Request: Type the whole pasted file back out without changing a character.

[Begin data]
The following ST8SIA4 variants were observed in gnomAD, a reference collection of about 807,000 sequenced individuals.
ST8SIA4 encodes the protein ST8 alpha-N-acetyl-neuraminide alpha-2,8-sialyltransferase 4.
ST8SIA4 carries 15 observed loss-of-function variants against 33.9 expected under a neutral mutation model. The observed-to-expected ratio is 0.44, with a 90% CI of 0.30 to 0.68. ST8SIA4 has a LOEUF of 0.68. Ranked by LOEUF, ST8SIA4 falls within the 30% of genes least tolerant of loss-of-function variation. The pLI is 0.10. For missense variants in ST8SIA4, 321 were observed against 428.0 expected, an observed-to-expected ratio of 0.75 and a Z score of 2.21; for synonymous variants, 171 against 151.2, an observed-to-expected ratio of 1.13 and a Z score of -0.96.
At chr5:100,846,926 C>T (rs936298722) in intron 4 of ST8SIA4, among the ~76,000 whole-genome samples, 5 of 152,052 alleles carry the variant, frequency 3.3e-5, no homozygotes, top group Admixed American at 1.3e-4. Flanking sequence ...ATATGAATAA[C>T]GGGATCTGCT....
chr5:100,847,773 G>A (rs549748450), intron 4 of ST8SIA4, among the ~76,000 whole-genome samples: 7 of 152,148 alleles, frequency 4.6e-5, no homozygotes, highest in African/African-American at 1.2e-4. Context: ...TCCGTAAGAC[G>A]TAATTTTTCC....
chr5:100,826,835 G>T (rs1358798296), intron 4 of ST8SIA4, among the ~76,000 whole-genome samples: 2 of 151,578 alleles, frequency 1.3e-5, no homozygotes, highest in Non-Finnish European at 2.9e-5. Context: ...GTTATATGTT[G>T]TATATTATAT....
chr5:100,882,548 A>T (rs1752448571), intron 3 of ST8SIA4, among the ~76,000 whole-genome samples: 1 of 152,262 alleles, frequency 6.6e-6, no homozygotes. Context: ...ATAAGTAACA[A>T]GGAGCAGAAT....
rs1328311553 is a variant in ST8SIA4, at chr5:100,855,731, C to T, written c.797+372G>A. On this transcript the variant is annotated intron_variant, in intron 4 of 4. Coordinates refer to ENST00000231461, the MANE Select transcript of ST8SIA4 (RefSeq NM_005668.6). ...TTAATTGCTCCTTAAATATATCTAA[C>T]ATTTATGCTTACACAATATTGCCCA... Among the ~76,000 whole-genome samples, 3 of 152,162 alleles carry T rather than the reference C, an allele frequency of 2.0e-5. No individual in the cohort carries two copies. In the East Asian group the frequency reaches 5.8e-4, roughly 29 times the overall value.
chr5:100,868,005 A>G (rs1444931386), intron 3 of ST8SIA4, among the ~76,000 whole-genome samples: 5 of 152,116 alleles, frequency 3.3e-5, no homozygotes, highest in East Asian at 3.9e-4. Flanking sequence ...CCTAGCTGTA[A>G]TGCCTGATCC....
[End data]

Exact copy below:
The following ST8SIA4 variants were observed in gnomAD, a reference collection of about 807,000 sequenced individuals.
ST8SIA4 encodes the protein ST8 alpha-N-acetyl-neuraminide alpha-2,8-sialyltransferase 4.
ST8SIA4 carries 15 observed loss-of-function variants against 33.9 expected under a neutral mutation model. The observed-to-expected ratio is 0.44, with a 90% CI of 0.30 to 0.68. ST8SIA4 has a LOEUF of 0.68. Ranked by LOEUF, ST8SIA4 falls within the 30% of genes least tolerant of loss-of-function variation. The pLI is 0.10. For missense variants in ST8SIA4, 321 were observed against 428.0 expected, an observed-to-expected ratio of 0.75 and a Z score of 2.21; for synonymous variants, 171 against 151.2, an observed-to-expected ratio of 1.13 and a Z score of -0.96.
At chr5:100,846,926 C>T (rs936298722) in intron 4 of ST8SIA4, among the ~76,000 whole-genome samples, 5 of 152,052 alleles carry the variant, frequency 3.3e-5, no homozygotes, top group Admixed American at 1.3e-4. Flanking sequence ...ATATGAATAA[C>T]GGGATCTGCT....
chr5:100,847,773 G>A (rs549748450), intron 4 of ST8SIA4, among the ~76,000 whole-genome samples: 7 of 152,148 alleles, frequency 4.6e-5, no homozygotes, highest in African/African-American at 1.2e-4. Context: ...TCCGTAAGAC[G>A]TAATTTTTCC....
chr5:100,826,835 G>T (rs1358798296), intron 4 of ST8SIA4, among the ~76,000 whole-genome samples: 2 of 151,578 alleles, frequency 1.3e-5, no homozygotes, highest in Non-Finnish European at 2.9e-5. Context: ...GTTATATGTT[G>T]TATATTATAT....
chr5:100,882,548 A>T (rs1752448571), intron 3 of ST8SIA4, among the ~76,000 whole-genome samples: 1 of 152,262 alleles, frequency 6.6e-6, no homozygotes. Context: ...ATAAGTAACA[A>T]GGAGCAGAAT....
rs1328311553 is a variant in ST8SIA4, at chr5:100,855,731, C to T, written c.797+372G>A. On this transcript the variant is annotated intron_variant, in intron 4 of 4. Coordinates refer to ENST00000231461, the MANE Select transcript of ST8SIA4 (RefSeq NM_005668.6). ...TTAATTGCTCCTTAAATATATCTAA[C>T]ATTTATGCTTACACAATATTGCCCA... Among the ~76,000 whole-genome samples, 3 of 152,162 alleles carry T rather than the reference C, an allele frequency of 2.0e-5. No individual in the cohort carries two copies. In the East Asian group the frequency reaches 5.8e-4, roughly 29 times the overall value.
chr5:100,868,005 A>G (rs1444931386), intron 3 of ST8SIA4, among the ~76,000 whole-genome samples: 5 of 152,116 alleles, frequency 3.3e-5, no homozygotes, highest in East Asian at 3.9e-4. Flanking sequence ...CCTAGCTGTA[A>G]TGCCTGATCC....